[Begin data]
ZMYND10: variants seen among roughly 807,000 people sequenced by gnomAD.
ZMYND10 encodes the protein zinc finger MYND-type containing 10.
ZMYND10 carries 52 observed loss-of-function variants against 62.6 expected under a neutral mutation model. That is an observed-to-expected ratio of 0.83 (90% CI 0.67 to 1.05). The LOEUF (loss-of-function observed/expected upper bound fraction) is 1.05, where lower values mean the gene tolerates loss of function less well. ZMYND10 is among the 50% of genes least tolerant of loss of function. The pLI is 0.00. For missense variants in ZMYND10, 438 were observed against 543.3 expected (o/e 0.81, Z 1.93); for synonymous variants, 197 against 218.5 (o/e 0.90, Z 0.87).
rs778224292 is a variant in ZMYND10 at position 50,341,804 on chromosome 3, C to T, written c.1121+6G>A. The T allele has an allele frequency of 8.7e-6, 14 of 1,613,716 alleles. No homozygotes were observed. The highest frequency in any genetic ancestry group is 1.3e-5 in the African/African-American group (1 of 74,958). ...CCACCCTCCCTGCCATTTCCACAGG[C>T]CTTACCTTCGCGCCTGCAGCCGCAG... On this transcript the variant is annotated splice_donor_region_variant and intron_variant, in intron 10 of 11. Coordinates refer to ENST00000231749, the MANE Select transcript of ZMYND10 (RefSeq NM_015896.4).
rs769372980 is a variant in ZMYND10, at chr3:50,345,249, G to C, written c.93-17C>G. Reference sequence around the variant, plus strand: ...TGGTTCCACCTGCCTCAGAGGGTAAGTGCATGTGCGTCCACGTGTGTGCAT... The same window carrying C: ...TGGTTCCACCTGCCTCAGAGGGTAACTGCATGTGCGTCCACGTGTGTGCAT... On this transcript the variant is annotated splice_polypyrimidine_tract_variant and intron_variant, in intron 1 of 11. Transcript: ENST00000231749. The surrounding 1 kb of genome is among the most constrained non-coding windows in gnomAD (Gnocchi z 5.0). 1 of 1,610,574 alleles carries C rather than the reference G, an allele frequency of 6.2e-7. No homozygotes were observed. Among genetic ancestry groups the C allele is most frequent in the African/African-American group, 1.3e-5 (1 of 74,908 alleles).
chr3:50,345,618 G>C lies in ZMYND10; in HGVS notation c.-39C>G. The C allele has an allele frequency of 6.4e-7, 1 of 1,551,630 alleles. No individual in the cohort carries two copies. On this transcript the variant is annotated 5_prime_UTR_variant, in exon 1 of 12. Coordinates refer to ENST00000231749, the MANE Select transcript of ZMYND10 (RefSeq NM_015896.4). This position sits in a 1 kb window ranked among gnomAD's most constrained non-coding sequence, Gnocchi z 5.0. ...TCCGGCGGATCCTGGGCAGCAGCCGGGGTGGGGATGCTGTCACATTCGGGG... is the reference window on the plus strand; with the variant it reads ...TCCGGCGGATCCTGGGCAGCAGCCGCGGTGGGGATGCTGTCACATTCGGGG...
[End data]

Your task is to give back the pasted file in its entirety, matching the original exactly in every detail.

ZMYND10: variants seen among roughly 807,000 people sequenced by gnomAD.
ZMYND10 encodes the protein zinc finger MYND-type containing 10.
ZMYND10 carries 52 observed loss-of-function variants against 62.6 expected under a neutral mutation model. That is an observed-to-expected ratio of 0.83 (90% CI 0.67 to 1.05). The LOEUF (loss-of-function observed/expected upper bound fraction) is 1.05, where lower values mean the gene tolerates loss of function less well. ZMYND10 is among the 50% of genes least tolerant of loss of function. The pLI is 0.00. For missense variants in ZMYND10, 438 were observed against 543.3 expected (o/e 0.81, Z 1.93); for synonymous variants, 197 against 218.5 (o/e 0.90, Z 0.87).
rs778224292 is a variant in ZMYND10 at position 50,341,804 on chromosome 3, C to T, written c.1121+6G>A. The T allele has an allele frequency of 8.7e-6, 14 of 1,613,716 alleles. No homozygotes were observed. The highest frequency in any genetic ancestry group is 1.3e-5 in the African/African-American group (1 of 74,958). ...CCACCCTCCCTGCCATTTCCACAGG[C>T]CTTACCTTCGCGCCTGCAGCCGCAG... On this transcript the variant is annotated splice_donor_region_variant and intron_variant, in intron 10 of 11. Coordinates refer to ENST00000231749, the MANE Select transcript of ZMYND10 (RefSeq NM_015896.4).
rs769372980 is a variant in ZMYND10, at chr3:50,345,249, G to C, written c.93-17C>G. Reference sequence around the variant, plus strand: ...TGGTTCCACCTGCCTCAGAGGGTAAGTGCATGTGCGTCCACGTGTGTGCAT... The same window carrying C: ...TGGTTCCACCTGCCTCAGAGGGTAACTGCATGTGCGTCCACGTGTGTGCAT... On this transcript the variant is annotated splice_polypyrimidine_tract_variant and intron_variant, in intron 1 of 11. Transcript: ENST00000231749. The surrounding 1 kb of genome is among the most constrained non-coding windows in gnomAD (Gnocchi z 5.0). 1 of 1,610,574 alleles carries C rather than the reference G, an allele frequency of 6.2e-7. No homozygotes were observed. Among genetic ancestry groups the C allele is most frequent in the African/African-American group, 1.3e-5 (1 of 74,908 alleles).
chr3:50,345,618 G>C lies in ZMYND10; in HGVS notation c.-39C>G. The C allele has an allele frequency of 6.4e-7, 1 of 1,551,630 alleles. No individual in the cohort carries two copies. On this transcript the variant is annotated 5_prime_UTR_variant, in exon 1 of 12. Coordinates refer to ENST00000231749, the MANE Select transcript of ZMYND10 (RefSeq NM_015896.4). This position sits in a 1 kb window ranked among gnomAD's most constrained non-coding sequence, Gnocchi z 5.0. ...TCCGGCGGATCCTGGGCAGCAGCCGGGGTGGGGATGCTGTCACATTCGGGG... is the reference window on the plus strand; with the variant it reads ...TCCGGCGGATCCTGGGCAGCAGCCGCGGTGGGGATGCTGTCACATTCGGGG...